Sure, essentially my argument revolves around the fact we have a Code of Conduct Commission that can't resolve Code of Conduct investigations, can't maintain the confidentially of them, can't maintain timelines and can't meet community expectations on transparency. We have a Commission set up to 'solve the fact the Code of Conduct is unenforceable' which itself fails to enforce the Code of Conduct. If you had filed a complaint under the pretence the complaint would be investigated with urgency and confidentially, how would you feel to find out that after four months, there is little to no progress, that a Commissioner is attempting to prevent other members of the Commission from investigating the complaint and to top it all of, information you submitted and shared in confidence, is being shared to people who shouldn't have access to it? John (talk) 22:07, 26 March 2021 (UTC)[reply]
@John: That makes total sense now. What you're saying is that it's just as ineffective as teaching a baby to not cry. In other words, even if we enforce it, it's not truly showing off its effectiveness, but rather the opposite effect. So what this means, it could potentially backfire and cause quite a ruckus for both parties. Just recently (going off-topic, but still somehow relates to the Code of Conduct), I've investigated 3 wikis (although one of them is already deleted) with serious violations of not only that type of violation, but also the Content policies. I'm sure you're probably know which wikis I'm talking about as I heard the Stewards (aside from you and Doug), are reviewing on what to do with them. DarkMatterMan4500 (talk) (contribs) 22:31, 26 March 2021 (UTC)[reply]
@John:, it's extremely difficult to have both confidentiality and transparency - one precludes the other. But you've cited lack of both as reasons to abolish the commission. Perhaps the underlying issue here is with expectations rather than with the commission's effectiveness. --Robkelk (talk) 14:33, 27 March 2021 (UTC)[reply]
It is not difficult at all to have confidentiality of reports but transparency in reporting the progression of reports. In the last RfC, the community mandated that every 90 days the Commission needs to be transparent in reporting the number of cases open, number of cases closed and number of cases declined - I don’t believe providing these figures breaches confidentially but is definitely transparent. The issue of confidentiality I raised was that my report was shared with members not part of the Commission, without my consent or without the Commissions consent either - one member chose to discuss material with someone else who wasn’t privy to the confidential report I thought I filed. I do not believe it is an unreasonable expectation that the Commission state the number of open requests and don’t share a confidential report without consent of either the reporter or the Commission deciding it is necessary or beneficial to do so. John (talk) 17:43, 27 March 2021 (UTC)[reply]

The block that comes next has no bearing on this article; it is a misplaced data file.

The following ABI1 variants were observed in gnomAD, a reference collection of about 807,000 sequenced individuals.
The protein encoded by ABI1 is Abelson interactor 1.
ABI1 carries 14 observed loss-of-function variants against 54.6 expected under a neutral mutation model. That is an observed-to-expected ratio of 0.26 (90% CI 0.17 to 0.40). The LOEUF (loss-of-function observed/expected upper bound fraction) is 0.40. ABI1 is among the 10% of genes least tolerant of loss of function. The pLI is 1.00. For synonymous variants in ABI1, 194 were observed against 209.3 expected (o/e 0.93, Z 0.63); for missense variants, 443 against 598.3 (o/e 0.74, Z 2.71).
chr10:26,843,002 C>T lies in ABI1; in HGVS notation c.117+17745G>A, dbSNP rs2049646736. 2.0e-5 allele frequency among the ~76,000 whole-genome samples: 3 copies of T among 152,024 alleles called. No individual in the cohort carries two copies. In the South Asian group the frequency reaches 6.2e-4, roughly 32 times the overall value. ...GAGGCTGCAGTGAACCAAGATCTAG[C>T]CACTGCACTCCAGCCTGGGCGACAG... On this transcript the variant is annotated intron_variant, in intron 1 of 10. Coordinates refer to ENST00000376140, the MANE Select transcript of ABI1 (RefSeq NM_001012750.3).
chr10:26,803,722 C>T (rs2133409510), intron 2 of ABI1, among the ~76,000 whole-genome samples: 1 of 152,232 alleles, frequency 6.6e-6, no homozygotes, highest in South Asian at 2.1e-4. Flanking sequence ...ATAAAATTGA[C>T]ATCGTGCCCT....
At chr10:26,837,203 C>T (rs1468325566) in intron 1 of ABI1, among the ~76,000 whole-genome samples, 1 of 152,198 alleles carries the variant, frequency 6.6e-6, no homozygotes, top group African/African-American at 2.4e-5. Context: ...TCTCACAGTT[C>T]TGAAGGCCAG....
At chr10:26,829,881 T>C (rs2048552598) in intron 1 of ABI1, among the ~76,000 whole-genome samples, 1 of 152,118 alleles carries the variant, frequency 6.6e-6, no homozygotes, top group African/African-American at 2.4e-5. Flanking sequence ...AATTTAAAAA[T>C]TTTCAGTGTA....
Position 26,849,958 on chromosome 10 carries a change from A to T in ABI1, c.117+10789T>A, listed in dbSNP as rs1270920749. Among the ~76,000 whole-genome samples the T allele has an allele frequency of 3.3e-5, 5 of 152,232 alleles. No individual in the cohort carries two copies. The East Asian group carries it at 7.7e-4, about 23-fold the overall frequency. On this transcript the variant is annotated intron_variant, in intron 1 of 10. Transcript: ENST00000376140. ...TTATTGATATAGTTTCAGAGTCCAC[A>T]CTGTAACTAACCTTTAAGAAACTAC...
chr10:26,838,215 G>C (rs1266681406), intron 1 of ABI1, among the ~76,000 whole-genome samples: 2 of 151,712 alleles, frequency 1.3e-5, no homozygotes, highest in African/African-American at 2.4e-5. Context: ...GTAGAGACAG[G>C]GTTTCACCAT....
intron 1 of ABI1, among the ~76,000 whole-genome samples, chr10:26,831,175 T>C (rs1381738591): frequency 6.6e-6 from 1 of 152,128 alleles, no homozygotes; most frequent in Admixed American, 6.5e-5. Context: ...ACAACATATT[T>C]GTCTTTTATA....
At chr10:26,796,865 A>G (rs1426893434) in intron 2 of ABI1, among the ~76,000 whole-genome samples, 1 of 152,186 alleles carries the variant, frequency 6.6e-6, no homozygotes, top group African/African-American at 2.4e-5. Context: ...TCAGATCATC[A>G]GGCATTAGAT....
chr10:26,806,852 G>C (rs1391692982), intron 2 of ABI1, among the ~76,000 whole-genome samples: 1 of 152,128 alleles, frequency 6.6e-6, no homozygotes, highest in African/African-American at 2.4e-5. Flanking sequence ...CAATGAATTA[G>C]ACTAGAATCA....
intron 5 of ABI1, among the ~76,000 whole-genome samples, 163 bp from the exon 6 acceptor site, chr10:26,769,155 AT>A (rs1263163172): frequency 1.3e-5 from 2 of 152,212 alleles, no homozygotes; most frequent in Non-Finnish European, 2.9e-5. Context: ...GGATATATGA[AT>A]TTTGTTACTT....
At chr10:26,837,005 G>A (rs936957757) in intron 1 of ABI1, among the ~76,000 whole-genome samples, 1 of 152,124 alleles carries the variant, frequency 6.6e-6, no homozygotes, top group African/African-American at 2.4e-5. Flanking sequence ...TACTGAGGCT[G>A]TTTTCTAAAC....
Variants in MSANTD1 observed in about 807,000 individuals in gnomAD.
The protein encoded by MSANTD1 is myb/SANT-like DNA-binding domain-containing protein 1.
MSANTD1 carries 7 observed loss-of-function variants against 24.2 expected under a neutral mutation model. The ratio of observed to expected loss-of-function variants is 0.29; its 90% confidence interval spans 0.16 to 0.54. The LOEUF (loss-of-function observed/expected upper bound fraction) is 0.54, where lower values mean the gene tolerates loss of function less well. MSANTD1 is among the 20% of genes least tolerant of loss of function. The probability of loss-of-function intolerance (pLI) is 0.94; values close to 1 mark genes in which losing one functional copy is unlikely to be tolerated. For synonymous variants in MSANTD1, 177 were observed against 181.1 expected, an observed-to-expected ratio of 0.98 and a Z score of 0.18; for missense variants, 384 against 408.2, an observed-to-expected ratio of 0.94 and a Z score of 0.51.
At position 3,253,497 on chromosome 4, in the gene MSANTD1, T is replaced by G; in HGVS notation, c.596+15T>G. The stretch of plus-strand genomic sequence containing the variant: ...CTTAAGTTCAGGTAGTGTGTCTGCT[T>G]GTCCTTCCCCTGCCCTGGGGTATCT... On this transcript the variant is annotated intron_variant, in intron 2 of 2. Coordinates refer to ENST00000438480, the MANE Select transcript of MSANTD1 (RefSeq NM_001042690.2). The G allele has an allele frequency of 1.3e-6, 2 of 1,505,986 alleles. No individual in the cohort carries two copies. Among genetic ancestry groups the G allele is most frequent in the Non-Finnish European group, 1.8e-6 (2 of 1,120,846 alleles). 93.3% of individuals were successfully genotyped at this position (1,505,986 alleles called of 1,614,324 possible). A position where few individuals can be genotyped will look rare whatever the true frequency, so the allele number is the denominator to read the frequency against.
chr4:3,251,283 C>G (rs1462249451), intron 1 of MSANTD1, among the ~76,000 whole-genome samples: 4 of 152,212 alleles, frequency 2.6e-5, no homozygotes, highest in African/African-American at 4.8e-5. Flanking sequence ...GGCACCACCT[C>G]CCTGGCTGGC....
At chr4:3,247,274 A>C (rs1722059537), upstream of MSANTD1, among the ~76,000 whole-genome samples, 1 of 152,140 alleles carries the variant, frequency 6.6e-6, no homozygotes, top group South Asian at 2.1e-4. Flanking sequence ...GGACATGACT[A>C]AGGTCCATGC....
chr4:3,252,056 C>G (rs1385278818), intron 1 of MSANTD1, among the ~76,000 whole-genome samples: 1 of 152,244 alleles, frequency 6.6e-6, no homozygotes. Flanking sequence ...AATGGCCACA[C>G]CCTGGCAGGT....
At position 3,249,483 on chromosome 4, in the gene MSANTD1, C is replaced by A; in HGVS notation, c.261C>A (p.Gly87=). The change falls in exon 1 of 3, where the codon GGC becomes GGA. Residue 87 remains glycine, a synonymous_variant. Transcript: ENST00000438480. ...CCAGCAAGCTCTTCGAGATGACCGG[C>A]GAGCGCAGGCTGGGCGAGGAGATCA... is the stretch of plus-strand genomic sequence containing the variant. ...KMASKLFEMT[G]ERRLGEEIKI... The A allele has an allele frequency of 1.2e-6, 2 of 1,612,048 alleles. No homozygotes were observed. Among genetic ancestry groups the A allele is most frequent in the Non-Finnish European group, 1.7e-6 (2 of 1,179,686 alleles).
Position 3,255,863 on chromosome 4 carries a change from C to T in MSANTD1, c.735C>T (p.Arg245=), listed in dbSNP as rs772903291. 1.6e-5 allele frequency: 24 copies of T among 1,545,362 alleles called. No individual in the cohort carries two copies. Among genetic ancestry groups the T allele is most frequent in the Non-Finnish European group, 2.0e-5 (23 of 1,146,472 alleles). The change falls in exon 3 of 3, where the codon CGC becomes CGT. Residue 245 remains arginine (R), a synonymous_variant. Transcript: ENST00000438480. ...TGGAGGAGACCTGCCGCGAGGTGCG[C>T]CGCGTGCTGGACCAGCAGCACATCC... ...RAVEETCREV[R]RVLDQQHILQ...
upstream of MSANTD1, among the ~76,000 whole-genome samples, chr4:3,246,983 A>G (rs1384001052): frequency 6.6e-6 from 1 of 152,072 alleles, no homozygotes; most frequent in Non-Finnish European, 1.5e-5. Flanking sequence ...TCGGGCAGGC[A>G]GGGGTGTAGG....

There is a recognised problem with the current Code of Conduct Commission, but rather than abolish, another attempt should be made to reform the Commission. If this proposal is passed, a discussion on reform must have taken place prior to the end of the current Commission's terms ending on July 31st, 2021. If no reform RfC has taken place, the Commission is suspended until such a reform RfC has concluded.
Per my comments above, we can not reform a system which doesn't work at a fundamental level - we can only make it a little less broken, but that does not mean it works. John (talk) 21:43, 26 March 2021 (UTC)[reply]
I don't think reform can help and also I don't think there can be something reformed with success,--MrJaroslavik (talk) 22:04, 26 March 2021 (UTC)[reply]